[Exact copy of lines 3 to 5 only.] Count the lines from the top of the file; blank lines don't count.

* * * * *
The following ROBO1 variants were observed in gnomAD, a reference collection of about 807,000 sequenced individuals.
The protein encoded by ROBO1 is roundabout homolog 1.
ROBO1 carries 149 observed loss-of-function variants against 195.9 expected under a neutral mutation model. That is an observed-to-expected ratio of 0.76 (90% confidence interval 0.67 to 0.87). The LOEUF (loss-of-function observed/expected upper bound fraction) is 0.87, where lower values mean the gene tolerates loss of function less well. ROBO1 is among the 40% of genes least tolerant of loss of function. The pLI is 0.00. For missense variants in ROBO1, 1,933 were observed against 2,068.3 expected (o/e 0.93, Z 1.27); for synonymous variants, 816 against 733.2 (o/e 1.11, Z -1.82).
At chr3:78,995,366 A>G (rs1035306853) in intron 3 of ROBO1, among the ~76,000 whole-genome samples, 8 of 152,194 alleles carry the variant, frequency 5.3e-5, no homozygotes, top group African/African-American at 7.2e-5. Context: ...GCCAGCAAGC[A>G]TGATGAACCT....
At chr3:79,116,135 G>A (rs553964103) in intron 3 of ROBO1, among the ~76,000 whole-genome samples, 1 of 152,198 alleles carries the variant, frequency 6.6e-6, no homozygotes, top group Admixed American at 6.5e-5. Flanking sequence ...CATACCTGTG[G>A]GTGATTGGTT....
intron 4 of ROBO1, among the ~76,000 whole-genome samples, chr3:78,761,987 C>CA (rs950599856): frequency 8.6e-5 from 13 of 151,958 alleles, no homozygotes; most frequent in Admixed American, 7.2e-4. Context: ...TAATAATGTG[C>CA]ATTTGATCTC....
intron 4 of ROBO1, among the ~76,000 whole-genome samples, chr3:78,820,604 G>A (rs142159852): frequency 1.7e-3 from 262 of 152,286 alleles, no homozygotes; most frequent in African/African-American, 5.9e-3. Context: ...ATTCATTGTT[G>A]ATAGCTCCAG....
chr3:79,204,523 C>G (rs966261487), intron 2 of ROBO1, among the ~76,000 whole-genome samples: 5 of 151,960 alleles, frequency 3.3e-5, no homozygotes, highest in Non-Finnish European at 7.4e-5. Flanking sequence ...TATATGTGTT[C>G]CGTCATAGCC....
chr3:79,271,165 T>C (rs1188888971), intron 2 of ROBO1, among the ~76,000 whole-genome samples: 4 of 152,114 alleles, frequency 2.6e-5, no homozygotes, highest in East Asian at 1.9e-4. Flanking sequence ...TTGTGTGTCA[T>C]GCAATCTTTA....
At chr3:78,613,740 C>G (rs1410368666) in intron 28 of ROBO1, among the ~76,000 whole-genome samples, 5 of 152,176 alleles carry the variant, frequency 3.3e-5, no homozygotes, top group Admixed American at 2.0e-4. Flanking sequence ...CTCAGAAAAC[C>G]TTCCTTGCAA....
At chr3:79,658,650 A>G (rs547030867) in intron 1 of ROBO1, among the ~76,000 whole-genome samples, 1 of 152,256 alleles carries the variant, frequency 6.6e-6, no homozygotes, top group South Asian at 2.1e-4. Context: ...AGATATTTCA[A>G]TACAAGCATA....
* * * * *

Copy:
ROBO1 carries 149 observed loss-of-function variants against 195.9 expected under a neutral mutation model. That is an observed-to-expected ratio of 0.76 (90% confidence interval 0.67 to 0.87). The LOEUF (loss-of-function observed/expected upper bound fraction) is 0.87, where lower values mean the gene tolerates loss of function less well. ROBO1 is among the 40% of genes least tolerant of loss of function. The pLI is 0.00. For missense variants in ROBO1, 1,933 were observed against 2,068.3 expected (o/e 0.93, Z 1.27); for synonymous variants, 816 against 733.2 (o/e 1.11, Z -1.82).
At chr3:78,995,366 A>G (rs1035306853) in intron 3 of ROBO1, among the ~76,000 whole-genome samples, 8 of 152,194 alleles carry the variant, frequency 5.3e-5, no homozygotes, top group African/African-American at 7.2e-5. Context: ...GCCAGCAAGC[A>G]TGATGAACCT....
At chr3:79,116,135 G>A (rs553964103) in intron 3 of ROBO1, among the ~76,000 whole-genome samples, 1 of 152,198 alleles carries the variant, frequency 6.6e-6, no homozygotes, top group Admixed American at 6.5e-5. Flanking sequence ...CATACCTGTG[G>A]GTGATTGGTT....